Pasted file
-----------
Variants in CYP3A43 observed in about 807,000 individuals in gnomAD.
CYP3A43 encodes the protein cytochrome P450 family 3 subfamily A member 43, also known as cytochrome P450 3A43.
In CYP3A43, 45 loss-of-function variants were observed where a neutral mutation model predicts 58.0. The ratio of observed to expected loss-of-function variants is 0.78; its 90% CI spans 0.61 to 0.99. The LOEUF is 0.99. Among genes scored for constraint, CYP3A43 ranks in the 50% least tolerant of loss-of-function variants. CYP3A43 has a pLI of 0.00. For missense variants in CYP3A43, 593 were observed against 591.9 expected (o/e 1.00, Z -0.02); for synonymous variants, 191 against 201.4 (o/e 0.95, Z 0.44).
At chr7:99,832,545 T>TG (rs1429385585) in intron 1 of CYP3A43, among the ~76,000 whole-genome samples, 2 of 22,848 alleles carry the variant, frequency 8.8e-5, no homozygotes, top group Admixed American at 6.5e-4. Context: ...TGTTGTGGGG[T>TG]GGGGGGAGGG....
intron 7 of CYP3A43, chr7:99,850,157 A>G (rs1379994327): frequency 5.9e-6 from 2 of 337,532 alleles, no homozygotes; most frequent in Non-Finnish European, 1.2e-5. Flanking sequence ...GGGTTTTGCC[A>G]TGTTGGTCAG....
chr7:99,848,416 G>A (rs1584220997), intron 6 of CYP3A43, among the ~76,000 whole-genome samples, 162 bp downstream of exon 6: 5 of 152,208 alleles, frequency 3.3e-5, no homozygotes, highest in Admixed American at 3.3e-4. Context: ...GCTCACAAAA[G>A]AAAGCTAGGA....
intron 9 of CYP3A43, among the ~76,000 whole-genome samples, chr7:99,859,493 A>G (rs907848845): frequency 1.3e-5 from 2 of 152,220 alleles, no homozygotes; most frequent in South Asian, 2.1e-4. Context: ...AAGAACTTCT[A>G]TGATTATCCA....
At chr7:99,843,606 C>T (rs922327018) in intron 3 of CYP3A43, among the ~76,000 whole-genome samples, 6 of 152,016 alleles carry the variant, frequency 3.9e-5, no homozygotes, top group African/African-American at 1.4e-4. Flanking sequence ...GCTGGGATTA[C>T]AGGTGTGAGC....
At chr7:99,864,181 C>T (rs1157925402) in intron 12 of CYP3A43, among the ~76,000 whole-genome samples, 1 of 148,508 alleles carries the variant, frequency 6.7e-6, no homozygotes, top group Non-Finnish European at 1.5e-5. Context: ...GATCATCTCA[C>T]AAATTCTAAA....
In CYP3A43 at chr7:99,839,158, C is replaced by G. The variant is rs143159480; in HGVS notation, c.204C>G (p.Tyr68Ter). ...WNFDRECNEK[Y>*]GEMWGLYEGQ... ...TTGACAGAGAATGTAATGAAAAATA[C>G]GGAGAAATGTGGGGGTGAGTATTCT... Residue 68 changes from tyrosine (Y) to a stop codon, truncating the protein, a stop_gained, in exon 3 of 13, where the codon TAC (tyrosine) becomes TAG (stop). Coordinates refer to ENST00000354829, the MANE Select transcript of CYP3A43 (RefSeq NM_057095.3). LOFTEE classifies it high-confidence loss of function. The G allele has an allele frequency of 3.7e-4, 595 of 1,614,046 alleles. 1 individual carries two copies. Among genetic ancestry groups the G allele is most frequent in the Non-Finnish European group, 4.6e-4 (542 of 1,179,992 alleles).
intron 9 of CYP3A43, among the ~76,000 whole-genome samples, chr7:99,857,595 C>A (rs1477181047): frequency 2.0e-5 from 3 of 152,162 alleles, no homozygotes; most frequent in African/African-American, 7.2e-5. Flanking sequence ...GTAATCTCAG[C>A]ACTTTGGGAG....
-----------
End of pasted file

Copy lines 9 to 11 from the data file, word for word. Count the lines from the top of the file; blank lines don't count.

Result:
At chr7:99,864,181 C>T (rs1157925402) in intron 12 of CYP3A43, among the ~76,000 whole-genome samples, 1 of 148,508 alleles carries the variant, frequency 6.7e-6, no homozygotes, top group Non-Finnish European at 1.5e-5. Context: ...GATCATCTCA[C>T]AAATTCTAAA....
In CYP3A43 at chr7:99,839,158, C is replaced by G. The variant is rs143159480; in HGVS notation, c.204C>G (p.Tyr68Ter). ...WNFDRECNEK[Y>*]GEMWGLYEGQ... ...TTGACAGAGAATGTAATGAAAAATA[C>G]GGAGAAATGTGGGGGTGAGTATTCT... Residue 68 changes from tyrosine (Y) to a stop codon, truncating the protein, a stop_gained, in exon 3 of 13, where the codon TAC (tyrosine) becomes TAG (stop). Coordinates refer to ENST00000354829, the MANE Select transcript of CYP3A43 (RefSeq NM_057095.3). LOFTEE classifies it high-confidence loss of function. The G allele has an allele frequency of 3.7e-4, 595 of 1,614,046 alleles. 1 individual carries two copies. Among genetic ancestry groups the G allele is most frequent in the Non-Finnish European group, 4.6e-4 (542 of 1,179,992 alleles).
intron 9 of CYP3A43, among the ~76,000 whole-genome samples, chr7:99,857,595 C>A (rs1477181047): frequency 2.0e-5 from 3 of 152,162 alleles, no homozygotes; most frequent in African/African-American, 7.2e-5. Flanking sequence ...GTAATCTCAG[C>A]ACTTTGGGAG....